Many of us on the Transfers team started 2019 at the 98th Annual Meeting of the Transportation Research Board, the Super Bowl of transportation research. The theme of this year’s conference was “Transportation for a Smart, Sustainable, and Equitable Future,” a natural fit for the research taking place at UCLA’s Institute of Transportation Studies (ITS). ITS researchers and students braved the snow in Washington, D.C., to present their work and hear from other transportation leaders. Here are a few highlights:
ITS students, researchers, and alumni presented their work at poster sessions throughout the conference. Building off ITS research on declining transit ridership in Southern California, Jacob Wasserman, a graduate student in the urban planning program, presented his findings on changes in transit ridership in the Bay Area.
Jacob Wasserman, Madeline Brozen, and Ryland Lu present their posters at TRB.
Madeline Brozen presented on gender and open streets events in California, and Ryland Lu, a recent graduate of the urban planning program, presented his capstone project on transportation network companies (TNCs) and curb management.
Voter support for local option sales tax (LOST) measures
Building off previous ITS research on LOSTs, a popular method to finance transportation projects in California, Jaimee Lederman presented research findings on factors that influence voter support for LOST measures. One big takeaway: Support for LOSTs is typically concentrated in urban areas and near proposed projects.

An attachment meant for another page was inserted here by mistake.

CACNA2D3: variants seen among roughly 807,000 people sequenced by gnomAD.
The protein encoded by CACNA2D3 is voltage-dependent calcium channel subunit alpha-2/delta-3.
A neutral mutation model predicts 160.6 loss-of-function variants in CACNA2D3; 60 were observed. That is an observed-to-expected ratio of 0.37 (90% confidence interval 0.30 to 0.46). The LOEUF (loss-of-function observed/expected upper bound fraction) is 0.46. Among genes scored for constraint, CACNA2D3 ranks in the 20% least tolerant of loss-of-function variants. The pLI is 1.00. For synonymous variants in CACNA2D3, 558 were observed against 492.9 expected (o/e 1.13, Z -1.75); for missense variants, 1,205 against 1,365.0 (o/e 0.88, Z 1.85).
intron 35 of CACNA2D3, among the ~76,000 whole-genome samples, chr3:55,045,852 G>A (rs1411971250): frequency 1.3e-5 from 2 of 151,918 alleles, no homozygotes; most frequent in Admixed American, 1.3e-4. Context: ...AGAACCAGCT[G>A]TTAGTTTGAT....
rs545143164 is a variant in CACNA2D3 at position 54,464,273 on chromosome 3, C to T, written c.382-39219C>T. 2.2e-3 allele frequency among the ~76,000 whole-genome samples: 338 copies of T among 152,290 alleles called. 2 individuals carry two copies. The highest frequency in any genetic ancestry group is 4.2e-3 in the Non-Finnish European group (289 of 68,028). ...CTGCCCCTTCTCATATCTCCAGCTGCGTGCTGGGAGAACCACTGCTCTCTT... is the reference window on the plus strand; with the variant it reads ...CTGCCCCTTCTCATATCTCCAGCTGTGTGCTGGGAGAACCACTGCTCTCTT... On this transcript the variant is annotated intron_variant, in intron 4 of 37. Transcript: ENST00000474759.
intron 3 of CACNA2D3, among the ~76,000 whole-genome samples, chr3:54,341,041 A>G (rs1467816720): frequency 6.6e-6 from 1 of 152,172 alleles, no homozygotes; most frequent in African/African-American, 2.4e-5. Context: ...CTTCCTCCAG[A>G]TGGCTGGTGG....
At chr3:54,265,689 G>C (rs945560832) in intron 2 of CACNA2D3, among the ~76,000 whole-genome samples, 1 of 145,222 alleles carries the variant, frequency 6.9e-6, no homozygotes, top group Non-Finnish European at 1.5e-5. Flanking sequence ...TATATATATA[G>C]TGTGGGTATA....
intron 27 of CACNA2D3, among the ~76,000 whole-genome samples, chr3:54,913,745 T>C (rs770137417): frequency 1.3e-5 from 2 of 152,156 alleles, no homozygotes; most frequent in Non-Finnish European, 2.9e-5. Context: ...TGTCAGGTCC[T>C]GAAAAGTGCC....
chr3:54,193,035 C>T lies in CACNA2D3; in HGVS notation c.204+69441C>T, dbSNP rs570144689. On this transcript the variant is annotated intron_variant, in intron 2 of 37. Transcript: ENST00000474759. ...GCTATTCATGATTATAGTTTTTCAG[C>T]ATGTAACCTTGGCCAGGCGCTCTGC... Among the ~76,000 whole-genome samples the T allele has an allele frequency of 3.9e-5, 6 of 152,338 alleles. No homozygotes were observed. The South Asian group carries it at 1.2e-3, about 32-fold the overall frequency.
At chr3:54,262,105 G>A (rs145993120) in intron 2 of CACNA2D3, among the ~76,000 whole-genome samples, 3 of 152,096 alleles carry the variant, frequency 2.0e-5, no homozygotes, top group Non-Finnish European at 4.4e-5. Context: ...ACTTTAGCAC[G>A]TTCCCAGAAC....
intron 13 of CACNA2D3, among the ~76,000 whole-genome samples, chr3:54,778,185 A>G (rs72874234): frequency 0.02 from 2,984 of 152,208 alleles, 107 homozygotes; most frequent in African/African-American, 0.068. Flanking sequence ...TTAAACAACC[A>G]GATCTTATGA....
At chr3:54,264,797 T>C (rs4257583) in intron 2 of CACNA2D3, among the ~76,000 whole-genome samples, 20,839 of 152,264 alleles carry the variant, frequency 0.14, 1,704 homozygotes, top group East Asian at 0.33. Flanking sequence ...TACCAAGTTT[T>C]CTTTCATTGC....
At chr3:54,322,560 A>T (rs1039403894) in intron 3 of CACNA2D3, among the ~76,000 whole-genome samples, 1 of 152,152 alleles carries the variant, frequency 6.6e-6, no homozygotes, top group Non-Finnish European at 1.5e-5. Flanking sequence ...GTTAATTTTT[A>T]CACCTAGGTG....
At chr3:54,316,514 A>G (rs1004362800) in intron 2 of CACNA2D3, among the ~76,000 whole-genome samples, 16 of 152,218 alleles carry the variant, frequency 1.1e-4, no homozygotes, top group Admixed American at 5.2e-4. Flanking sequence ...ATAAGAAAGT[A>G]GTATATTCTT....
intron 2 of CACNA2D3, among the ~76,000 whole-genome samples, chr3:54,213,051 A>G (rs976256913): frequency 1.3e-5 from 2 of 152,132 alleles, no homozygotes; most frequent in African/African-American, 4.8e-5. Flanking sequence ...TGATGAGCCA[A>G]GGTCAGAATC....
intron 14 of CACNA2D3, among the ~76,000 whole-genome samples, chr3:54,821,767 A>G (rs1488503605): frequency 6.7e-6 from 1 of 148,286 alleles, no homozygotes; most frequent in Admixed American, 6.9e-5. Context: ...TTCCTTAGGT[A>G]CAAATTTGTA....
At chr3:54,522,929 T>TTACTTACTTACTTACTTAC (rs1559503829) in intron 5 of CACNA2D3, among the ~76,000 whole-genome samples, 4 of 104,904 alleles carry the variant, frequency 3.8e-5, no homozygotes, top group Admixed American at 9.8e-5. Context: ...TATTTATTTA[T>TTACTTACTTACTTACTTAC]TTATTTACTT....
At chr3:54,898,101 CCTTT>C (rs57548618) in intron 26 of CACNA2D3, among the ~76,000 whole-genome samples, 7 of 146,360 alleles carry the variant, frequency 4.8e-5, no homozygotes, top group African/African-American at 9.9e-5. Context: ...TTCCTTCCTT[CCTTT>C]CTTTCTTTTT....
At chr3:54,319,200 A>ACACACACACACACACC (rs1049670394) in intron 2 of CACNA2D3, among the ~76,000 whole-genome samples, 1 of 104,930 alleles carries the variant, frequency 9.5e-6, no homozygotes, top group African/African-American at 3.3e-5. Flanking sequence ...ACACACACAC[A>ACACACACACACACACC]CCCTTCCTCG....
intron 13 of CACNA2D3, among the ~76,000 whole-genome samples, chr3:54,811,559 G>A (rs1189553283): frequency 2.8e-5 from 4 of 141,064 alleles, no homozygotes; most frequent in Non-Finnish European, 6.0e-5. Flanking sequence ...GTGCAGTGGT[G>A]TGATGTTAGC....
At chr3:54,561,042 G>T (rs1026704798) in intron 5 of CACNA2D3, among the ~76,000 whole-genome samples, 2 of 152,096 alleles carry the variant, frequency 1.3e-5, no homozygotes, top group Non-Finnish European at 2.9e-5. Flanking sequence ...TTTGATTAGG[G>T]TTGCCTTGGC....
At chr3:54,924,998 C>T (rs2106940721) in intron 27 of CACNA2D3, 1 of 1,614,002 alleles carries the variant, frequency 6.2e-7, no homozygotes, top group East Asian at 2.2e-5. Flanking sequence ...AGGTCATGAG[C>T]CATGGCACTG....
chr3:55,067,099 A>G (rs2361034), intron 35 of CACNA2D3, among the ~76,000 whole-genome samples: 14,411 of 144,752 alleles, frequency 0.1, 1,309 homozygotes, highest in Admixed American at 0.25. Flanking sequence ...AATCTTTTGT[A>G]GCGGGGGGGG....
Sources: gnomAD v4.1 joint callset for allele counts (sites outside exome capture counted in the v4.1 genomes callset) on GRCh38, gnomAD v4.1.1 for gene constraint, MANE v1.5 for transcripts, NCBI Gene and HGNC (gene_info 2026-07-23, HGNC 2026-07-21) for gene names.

“Why can’t abuela take Lyft to the doctor?”
Madeline Brozen highlighted some of the transportation challenges faced by older adults in LA’s Koreatown. TNCs like Uber and Lyft present an opportunity to increase access, but there are lots of barriers to older adults using these services, from smartphone access, to cost, to unease with putting credit card information online.
Working and transportation among older adults
Andrew Schouten presented findings on the role of transportation access in the increasing participation of older adults in the labor market. Car ownership is positively related to employment rates among older adults, and older adults living in neighborhoods with good transit access to jobs also have higher employment rates than those living in neighborhoods with poor transit access to jobs.
Until next year…
If you couldn’t make it out to the conference, or didn’t get your fill of transportation research at TRB, consider joining ITS at its 12th Annual UCLA Downtown Los Angeles Forum on Transportation, Land Use, and the Environment on March 1, 2019. This year’s theme, “From Public Transit to Public Mobility,” will look at the public sector’s response to new mobility services and declining public transit ridership. We’ll explore implementation of the strategies discussed at the October 2018 Arrowhead Symposium, too. Hope to see you there!